Pride in songs and humor: Stephen Sondheim's compositions & David Mills' comedy

  • by Jim Gladstone
  • Tuesday June 4, 2024
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The cast of 'Company' (photo: Matthew Murphy)
The cast of 'Company' (photo: Matthew Murphy)

Does Pride month's endless unfurling of rainbow bright flaggotry strike you as over the top, corporate-co-opted, and maybe just a bit oontz-oontz anti-intellectual?

Take heart. There's no need to sequester in your hidey-hole until the parade passes by. There are prickly entertainments by sophisticated queer creators to be found amidst the shrapnel of June's glitter bomb.

Since Stephen Sondheim's death in 2021, there has been a nationwide boom in productions of work by the great gay lyricist and composer. At one point last year a remarkable three Sondheim musicals were simultaneously running on Broadway: "Sweeney Todd," "Merrily We Roll Along," and "Company," which is now playing at the Orpheum Theatre on a national tour.

The cast of 'Being Alive: A Sondheim Celebration' (photo: Reed Flores)  

Even more Sondheim musicals — from "A Little Night Music" to "Anyone Can Whistle" to "Pacific Overtures" — are showcased in "Being Alive: A Sondheim Celebration," a new revue that focuses on Sondheim's explorations of the complexity in romantic relationships, which is now on stage at TheatreWorks Silicon Valley.

A gay man who came of age in a world without public models for same-sex relationships and didn't come out until age 40 himself, Sondheim infused his songs with subtle observations and sentiments about relationship dynamics that were ahead of their time.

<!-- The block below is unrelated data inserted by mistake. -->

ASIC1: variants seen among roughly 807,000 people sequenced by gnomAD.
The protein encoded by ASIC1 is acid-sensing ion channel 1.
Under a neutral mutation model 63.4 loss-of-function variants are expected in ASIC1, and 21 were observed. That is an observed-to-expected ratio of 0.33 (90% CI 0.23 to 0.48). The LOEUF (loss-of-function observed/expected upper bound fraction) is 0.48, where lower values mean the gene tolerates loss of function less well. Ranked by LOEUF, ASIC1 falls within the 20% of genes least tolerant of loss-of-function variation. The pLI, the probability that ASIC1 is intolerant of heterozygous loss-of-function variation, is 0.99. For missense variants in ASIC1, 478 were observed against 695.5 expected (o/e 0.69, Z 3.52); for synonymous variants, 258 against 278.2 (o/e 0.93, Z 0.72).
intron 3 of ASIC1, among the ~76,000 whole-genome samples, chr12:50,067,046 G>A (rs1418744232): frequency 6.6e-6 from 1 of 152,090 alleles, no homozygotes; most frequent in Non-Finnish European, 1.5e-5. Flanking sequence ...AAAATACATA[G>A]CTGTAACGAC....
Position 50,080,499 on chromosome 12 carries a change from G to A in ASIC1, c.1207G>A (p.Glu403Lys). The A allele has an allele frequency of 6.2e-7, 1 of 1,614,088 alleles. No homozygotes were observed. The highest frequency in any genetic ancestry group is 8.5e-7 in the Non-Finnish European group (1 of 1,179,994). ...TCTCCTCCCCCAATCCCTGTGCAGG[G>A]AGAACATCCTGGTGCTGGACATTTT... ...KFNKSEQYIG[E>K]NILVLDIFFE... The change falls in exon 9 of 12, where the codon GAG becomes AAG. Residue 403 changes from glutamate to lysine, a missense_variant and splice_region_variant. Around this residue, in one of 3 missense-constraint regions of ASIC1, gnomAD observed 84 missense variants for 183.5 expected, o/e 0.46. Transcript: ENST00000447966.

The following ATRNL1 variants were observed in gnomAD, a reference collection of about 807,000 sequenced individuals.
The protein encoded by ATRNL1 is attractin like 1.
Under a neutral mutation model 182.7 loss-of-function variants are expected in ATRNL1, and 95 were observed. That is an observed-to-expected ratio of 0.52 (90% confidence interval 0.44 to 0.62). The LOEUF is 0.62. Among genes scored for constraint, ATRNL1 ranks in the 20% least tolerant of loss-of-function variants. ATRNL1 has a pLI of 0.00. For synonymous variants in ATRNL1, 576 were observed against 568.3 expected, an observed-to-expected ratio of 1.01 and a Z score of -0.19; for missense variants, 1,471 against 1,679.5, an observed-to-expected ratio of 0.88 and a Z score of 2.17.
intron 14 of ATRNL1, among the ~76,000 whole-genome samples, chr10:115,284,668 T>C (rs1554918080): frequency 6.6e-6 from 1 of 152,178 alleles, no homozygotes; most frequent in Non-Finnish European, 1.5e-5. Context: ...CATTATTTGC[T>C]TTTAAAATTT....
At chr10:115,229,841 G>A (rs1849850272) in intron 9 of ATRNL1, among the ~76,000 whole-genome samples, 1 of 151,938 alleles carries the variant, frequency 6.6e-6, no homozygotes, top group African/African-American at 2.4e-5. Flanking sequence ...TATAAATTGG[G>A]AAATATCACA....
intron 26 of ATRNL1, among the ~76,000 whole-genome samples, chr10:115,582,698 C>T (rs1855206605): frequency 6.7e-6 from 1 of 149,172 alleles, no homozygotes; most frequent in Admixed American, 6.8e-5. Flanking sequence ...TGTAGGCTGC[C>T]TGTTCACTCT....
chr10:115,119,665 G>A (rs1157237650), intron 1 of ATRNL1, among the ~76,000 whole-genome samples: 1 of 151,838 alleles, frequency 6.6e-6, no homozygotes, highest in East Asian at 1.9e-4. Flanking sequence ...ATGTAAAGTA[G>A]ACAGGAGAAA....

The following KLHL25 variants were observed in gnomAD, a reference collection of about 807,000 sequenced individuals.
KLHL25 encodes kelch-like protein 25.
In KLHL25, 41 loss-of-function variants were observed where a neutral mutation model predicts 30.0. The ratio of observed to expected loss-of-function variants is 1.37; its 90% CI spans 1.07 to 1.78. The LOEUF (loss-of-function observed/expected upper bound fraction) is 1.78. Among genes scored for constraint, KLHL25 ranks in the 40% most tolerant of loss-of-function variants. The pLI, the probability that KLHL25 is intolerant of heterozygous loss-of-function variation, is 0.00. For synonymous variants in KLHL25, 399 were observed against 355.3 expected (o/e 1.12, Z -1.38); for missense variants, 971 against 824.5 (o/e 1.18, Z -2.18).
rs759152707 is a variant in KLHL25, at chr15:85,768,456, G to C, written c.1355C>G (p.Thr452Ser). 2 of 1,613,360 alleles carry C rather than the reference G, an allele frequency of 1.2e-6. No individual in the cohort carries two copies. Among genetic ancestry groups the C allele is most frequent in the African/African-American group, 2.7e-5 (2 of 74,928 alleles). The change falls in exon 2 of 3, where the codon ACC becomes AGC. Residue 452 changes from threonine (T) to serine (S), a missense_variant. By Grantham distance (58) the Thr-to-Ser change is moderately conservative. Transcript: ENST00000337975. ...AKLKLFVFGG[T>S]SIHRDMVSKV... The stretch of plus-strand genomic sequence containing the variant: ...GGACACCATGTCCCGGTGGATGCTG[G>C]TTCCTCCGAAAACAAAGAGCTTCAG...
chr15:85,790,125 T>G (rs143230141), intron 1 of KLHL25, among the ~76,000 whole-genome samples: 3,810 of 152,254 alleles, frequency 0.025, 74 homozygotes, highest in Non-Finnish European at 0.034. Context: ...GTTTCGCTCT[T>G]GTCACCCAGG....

Before the mid-20th century, Broadway musicals were primarily light entertainments with disposable scripts and memorable songs. Love and romance were considered appropriately light and breezy subject matter. But Sondheim was a pioneer in bringing psychological depth to the form.

"So many of Sondheim's songs are about the frustrating, disappointing and maddening parts of relationships," said William Liberatore, the musical director of "Being Alive," in a joint Bay Area Reporter interview with director Robert Kelley.

"Thirty years ago when we had a Sondheim show programmed in our season," recalled Kelley, TheatreWorks' founding artistic director, a Sondheim aficionado long before it was fashionable, "we would get letters from subscribers afterward saying 'I don't want to see that material.'

"Well, I don't mean to be rude, but the people who were 60 years old 30 years ago aren't here anymore. And some people who fell in love with the sophistication of Sondheim's music and lyrics when they were in their 30s are now part of the subscriber base.

"Old school musical theater fans had trouble transitioning to the perspectives Sondheim was writing from. I think he gifted musical theater with the possibility of dealing with complicated, contradictory emotions in a way that nobody had thought could be done.

"Sondheim showed us that music theater could be every bit as much about the depth and drama of human experience as O'Neil or Shakespeare."